“The park was actually originally a gift to the city of Lansing,” Lansing Parks and Recreation Director Brett Kaschinske said. “And in 1984 (Lansing) made an agreement with Delta to maintain the area as a park. It’s actually outside of (Lansing’s) city limits and lies under (Delta’s) jurisdiction.”

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Bryan Beverly wins seat on Lansing School Board thanks to help from friends and family

By Josh Thall
The Lansing Star

Bryan Beverly, 36, won a seat on the Lansing Board of Education last Tuesday, beating out another newcomer candidate, Thomas Morgan, 34, by a margin of 9,115 votes to Morgan’s 8,778 votes.  

Two of the spots on the School Board were won by incumbents Shirley Rodgers and Guillermo Lopez. Beverly was able to secure the final spot on the school board, which was vacated by Charles Ford, who chose not to run for reelection this year.

Shirley Rodgers 20%, Guillermo Lopez 19% ad Bryan Beverly 16% won seats on the Lansing Board of Education.

Shirley Rodgers 20%, Guillermo Lopez 19% ad Bryan Beverly 16% won seats on the Lansing Board of Education. Photo credit Josh Thall

Beverly said during his campaign his team did a lot of work on social media, which played a large part in his campaign.

“We were very heavy on social media during the campaign,” Beverly said. “There were several posts throughout the campaign about fundraising, getting out to vote and then getting my message and platform out there.”

Tony Baltimore, Beverly’s campaign manager, said people responded in an overwhelmingly positive way on social media, which really helped the campaign at the community level.

Beverly said that fundraising allowed his team to do mailings of informational postcards about his campaign, yard signs and a robocall which was put out the night before the election to remind people to go vote.

Diamond said the cost of Beverly’s election was around $9,000-$10,000, most of which came from family, friends and fundraising.

Baltimore said one of the main ways that money was raised for the campaign was word of mouth and people just wanting to help

“When we took to social media we promoted the fundraisers and people were all on board trying to find out where and how they could donate,” Baltimore said. “We also had friends that he and I both tapped into to help raise the funds – we asked people to be on host committees, people were willing to do fundraisers and at the end of the day, that all adds up. Continue reading

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Lansing citizens have mixed feelings toward election results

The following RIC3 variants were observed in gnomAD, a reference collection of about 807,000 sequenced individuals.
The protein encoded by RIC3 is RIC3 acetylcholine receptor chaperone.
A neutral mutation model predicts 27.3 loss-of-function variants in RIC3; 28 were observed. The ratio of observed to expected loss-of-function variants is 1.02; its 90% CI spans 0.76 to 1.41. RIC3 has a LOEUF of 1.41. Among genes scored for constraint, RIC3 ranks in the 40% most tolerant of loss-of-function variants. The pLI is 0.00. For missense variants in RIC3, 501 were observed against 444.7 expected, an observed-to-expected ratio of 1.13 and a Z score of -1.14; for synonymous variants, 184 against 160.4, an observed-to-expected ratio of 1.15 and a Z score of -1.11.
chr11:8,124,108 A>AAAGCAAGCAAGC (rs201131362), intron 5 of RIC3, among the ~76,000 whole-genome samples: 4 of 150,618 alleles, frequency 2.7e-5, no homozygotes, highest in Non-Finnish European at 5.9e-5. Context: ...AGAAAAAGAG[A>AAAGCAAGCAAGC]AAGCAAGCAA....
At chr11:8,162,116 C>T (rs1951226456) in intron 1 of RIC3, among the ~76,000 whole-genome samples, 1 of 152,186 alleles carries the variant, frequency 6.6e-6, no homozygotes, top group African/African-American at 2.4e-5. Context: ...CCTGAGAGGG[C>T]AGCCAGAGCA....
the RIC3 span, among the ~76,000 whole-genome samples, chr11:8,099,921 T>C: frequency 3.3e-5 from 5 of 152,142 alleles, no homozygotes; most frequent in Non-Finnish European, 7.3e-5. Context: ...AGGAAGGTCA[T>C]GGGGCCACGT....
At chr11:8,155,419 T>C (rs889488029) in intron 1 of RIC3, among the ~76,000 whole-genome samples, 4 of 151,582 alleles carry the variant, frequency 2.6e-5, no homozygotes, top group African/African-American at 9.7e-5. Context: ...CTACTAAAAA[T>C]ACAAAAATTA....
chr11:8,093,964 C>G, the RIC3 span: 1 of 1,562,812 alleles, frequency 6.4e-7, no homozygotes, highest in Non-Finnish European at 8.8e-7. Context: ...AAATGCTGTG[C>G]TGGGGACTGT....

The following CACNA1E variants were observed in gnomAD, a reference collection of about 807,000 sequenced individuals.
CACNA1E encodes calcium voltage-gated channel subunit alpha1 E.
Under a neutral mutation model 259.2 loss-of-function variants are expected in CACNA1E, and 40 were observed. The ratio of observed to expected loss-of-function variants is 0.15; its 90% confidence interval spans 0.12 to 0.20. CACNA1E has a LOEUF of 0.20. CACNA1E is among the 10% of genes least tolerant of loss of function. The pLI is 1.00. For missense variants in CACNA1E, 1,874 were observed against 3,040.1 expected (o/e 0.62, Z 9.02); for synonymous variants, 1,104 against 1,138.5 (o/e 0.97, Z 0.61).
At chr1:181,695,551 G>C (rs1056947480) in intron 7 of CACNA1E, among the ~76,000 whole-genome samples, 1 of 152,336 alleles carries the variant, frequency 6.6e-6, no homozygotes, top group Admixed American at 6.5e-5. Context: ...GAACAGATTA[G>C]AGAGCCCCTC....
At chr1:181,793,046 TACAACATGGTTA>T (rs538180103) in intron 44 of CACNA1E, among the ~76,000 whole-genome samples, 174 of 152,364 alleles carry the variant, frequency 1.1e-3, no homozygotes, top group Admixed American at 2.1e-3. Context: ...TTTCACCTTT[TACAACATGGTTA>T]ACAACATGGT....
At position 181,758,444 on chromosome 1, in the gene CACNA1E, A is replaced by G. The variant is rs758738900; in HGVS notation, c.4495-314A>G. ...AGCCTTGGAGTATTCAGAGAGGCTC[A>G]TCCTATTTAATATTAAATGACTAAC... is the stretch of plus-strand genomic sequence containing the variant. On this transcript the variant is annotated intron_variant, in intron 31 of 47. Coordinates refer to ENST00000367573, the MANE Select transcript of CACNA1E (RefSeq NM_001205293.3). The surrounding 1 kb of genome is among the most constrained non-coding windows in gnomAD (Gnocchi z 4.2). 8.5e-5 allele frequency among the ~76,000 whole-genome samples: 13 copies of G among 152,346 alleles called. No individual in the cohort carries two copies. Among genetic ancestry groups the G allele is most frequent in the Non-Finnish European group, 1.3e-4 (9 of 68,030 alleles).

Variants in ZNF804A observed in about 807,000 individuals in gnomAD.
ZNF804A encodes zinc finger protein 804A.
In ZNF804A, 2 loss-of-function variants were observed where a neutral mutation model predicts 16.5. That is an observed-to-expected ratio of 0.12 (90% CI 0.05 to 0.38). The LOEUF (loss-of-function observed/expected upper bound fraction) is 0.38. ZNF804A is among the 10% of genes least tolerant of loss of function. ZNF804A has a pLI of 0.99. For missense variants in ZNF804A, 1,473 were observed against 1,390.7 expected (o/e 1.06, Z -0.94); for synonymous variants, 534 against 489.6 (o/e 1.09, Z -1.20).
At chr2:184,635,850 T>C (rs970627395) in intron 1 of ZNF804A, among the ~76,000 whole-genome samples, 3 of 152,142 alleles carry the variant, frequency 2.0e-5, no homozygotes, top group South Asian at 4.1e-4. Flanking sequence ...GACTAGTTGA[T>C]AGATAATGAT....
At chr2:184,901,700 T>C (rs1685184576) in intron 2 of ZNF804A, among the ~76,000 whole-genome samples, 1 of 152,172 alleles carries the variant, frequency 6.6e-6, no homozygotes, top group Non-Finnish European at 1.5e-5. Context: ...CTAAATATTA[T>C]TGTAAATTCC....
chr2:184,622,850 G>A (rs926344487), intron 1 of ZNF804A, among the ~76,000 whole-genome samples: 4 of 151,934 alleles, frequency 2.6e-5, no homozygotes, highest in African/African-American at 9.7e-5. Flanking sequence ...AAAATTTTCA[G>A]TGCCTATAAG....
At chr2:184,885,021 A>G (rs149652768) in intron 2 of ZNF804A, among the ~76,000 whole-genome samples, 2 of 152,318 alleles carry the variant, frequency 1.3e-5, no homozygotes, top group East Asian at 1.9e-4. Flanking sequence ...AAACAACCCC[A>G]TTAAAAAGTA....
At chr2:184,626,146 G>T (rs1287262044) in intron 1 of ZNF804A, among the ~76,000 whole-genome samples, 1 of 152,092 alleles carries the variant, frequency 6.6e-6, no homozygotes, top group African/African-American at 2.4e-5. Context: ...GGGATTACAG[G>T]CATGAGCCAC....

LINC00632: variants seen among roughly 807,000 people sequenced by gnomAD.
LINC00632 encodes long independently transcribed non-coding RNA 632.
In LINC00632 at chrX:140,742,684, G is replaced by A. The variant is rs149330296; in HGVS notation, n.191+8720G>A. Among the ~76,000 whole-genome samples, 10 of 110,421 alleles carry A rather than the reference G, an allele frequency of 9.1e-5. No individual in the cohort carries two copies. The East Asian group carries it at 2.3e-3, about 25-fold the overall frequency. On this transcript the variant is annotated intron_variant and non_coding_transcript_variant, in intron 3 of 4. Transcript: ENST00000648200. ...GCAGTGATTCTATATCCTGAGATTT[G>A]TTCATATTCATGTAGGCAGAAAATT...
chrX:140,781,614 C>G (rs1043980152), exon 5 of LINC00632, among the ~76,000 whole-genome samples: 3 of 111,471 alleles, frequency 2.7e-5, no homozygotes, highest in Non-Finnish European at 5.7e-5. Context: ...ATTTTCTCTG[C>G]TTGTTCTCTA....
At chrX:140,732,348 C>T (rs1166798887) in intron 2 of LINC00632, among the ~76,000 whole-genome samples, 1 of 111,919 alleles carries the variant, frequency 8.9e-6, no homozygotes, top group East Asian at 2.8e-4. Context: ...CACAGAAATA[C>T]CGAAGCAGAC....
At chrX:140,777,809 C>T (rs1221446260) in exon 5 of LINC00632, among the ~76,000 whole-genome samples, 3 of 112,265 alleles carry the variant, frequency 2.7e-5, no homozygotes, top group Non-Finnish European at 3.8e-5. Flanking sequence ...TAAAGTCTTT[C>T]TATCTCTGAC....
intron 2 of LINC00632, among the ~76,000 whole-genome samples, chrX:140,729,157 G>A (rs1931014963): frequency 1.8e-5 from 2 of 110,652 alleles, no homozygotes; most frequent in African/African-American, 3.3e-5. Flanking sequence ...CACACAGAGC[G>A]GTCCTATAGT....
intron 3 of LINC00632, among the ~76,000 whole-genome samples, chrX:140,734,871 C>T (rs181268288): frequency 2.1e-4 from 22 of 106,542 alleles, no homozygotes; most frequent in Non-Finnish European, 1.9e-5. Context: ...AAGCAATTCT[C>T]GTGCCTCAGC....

By Chloe Huard
Lansing Star

LANSING – The votes have been counted and the winners have been declared. Now all that’s left is for the residents of Lansing to see what their voting contributions – or lack thereof – will bring in the next few years.

On Nov. 4, Michigan voters re-elected Governor Rick Snyder. In addition, new officials were chosen for state congress, state house and senate, and the state board of education. A majority of these races were won by Republican candidates. The results of these races did not surprise many voters.

Chart depicts the winning party for the gubernatorial race by county. Created by Chloe Huard.

Chart depicts the winning party for the gubernatorial race by county. Created by Chloe Huard.

“I kind of predicted that Snyder was going to win just because everybody knew who he was,” said Angelica Bower, a 31-year-old military veteran.

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Lansing voters raise financial concerns after election

By Derek Nesbitt
The Lansing Star

LANSING – Some young voters in Lansing are worried that the outcome of last week’s national and state elections could affect funding for colleges and poorer residents.

Michigan State University psychology junior, Moriah Hill, 20, of Detroit, Michigan, said this election had more of an affect on her than presidential elections because of issues that are taken care of through state government.

“The governor is in charge of my state, which means every decision the governor makes has an impact on me,” said Hill who has been a Lansing resident for the past two years. “This election related more to the public than the presidential election in my opinion because we are directly affected by governmental decisions.”